Niyama 4: Svadhyaya

Welcome to this series on the Yamas and Niyamas of ashtangayoga of Patanjali. It is a classification by the Sage Patanjali for the practice of classical yoga. Why are we writing about yoga in a sound meditation website? These are the principles that guide our founder, and understanding of the ashtangagayoga (Sansrkit for "eight limbs of yoga") informs how we conduct our sessions.


We hope that you find the explanations and application ideas practical and inspirational.

Yamas translates into "moral discipline"and "restraint". They govern our outward, perceivable actions much like "Do unto others what you want done unto yourselves". Niyamas translates into "observances" and are seen as recommended personality traits and habits that govern our inner world. In yoga, nothing stands alone. Whatever we practice within will eventually radiate outwards, so we can see Niyamas affecting the outside world too. In Patanjali's Yoga Sutras, we are prescribed with five Yamas and five Niyamas.


This is the second out of the series of 10.

Svadhyaya = study of self, study of sacred texts


Of the 10 Yamas and Niyamas, Svadhyaya and Isvara Pranidhana (devotion to a higher power) are the two that makes yoga uniquely different from just another workout. A yoga practice is a holistic one combining body, mind and spirit. What Svadhyaya asks is for you to add in the element of self-inquiry into your practice, and learn about your true self. It makes your yoga practice more than just poses. It makes your yoga practice truly personal and alive to you.


Have you met people who say one thing (usually a positive character trait, like "I'm very generous!") about themselves, yet proceed to contradict themselves with their action (e.g. calculating down to the last penny their share of the meal)? This is potentially due to a lack of self-awareness, they say what they think they are, without realising they aren't really what they say they are. To use a simpler example, in yoga classes, people who lack body proprioception will move the knee when the teacher cued for the heel.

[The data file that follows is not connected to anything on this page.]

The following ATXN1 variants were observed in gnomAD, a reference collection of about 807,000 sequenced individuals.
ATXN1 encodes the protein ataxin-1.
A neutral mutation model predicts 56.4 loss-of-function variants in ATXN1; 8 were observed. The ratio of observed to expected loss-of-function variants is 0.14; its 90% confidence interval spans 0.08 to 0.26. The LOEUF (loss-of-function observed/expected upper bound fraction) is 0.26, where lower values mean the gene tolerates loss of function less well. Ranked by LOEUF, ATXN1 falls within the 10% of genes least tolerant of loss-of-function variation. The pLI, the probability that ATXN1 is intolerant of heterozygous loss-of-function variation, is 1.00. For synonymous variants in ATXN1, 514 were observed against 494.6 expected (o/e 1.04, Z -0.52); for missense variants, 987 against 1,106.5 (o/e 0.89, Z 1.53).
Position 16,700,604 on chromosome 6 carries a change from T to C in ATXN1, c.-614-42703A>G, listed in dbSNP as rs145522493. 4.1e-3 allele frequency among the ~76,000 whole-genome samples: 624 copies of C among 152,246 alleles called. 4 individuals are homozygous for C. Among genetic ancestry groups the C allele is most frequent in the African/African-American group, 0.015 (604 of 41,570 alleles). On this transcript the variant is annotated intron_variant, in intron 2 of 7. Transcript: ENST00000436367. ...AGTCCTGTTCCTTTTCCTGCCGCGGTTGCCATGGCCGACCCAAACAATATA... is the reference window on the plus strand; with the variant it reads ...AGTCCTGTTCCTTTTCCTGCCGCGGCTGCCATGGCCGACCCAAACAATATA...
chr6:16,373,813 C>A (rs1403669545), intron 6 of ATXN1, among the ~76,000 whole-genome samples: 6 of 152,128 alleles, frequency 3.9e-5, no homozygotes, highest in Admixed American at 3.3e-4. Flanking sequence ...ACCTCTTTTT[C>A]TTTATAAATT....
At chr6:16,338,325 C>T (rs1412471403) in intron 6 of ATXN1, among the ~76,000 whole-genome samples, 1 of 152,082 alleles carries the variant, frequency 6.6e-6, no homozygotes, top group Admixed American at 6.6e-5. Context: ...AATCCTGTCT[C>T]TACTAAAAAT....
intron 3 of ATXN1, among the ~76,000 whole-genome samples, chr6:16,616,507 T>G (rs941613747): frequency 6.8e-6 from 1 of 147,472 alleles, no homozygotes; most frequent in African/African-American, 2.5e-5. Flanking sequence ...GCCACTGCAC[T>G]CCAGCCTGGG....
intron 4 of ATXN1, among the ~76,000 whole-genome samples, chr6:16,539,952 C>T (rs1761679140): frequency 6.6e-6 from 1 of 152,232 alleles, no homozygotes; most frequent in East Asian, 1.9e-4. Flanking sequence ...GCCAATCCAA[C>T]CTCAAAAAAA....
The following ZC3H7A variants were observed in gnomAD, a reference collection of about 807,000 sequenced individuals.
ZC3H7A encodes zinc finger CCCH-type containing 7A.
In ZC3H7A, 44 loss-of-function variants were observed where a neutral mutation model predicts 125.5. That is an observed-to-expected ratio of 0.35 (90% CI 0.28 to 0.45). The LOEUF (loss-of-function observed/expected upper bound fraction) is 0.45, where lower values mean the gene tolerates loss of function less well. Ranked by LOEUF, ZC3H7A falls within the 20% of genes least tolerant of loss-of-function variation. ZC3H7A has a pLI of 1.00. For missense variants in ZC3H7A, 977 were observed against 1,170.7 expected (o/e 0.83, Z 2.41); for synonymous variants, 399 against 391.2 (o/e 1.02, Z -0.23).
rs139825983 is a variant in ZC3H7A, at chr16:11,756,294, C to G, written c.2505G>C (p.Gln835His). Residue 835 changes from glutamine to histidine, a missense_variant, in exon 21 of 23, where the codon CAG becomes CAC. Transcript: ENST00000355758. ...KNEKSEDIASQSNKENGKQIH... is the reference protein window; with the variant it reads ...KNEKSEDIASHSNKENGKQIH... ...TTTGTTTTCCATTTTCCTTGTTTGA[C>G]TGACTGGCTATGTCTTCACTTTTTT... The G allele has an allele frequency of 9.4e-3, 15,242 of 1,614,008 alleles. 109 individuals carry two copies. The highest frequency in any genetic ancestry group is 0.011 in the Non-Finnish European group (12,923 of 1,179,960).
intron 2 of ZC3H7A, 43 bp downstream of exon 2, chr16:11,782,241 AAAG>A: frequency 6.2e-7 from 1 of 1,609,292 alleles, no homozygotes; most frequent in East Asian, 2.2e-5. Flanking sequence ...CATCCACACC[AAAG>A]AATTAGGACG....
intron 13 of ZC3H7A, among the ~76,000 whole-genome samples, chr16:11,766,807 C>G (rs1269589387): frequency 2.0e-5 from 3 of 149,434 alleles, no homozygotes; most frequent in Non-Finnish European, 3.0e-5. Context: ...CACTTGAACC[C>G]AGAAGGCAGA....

"Do you understand what exactly you are doing?" is one of my favourite questions to ask my students. What is happening in the big toe when I'm struggling to hold a Warrior pose? Why are my fingers tapping when my teacher leaves us in a child's pose for too long? Am I getting annoyed that the teacher is keeping us in a pose I hate cos someone in the class just couldn't get it? Am I overposing because someone in the next mat is being an aboslute newbie?


Why is all of that happening?


That, to me, is the magic of yoga. The sheer awareness that you gain about yourself, your emotions and thoughts during your practice is worth more than the postures.

Artist Credit: Gemma Correll, https://www.gemmacorrell.com/

Svadhyaya is also the difference between the Warrior and the Worrier pose. A worrier is distracted by the mind and unable to control the flow of worries. The yogi who understands svadhyaya will be aware when the mind drifts, the yogi may not understand what is happening, but he/she is aware of what is happening within.


This level of self-awareness only comes around with active self-inquiry. Taking that pause, stepping back to observe your own instinctive reactions, and studying it with a non-judgemental curiosity to understand yourself better.


Another element of Svadhyaya is the study of sacred texts. There is a reason why people of religion study and meditate on their holy texts. There is wisdom in the teachings of God's Chosen One(s), meditation on sacred texts can help you understand yourself better, and understand the human condition better.


Understanding yourself clears the lens through which we view the world. When we see ourselves without judgement, when we can accept the person we see in the mirror, it is easier to see others with the same kindness and recognise their humanity. It is easier to see our similarities than our differences.


If you can't know yourself, how can you hope to understand others?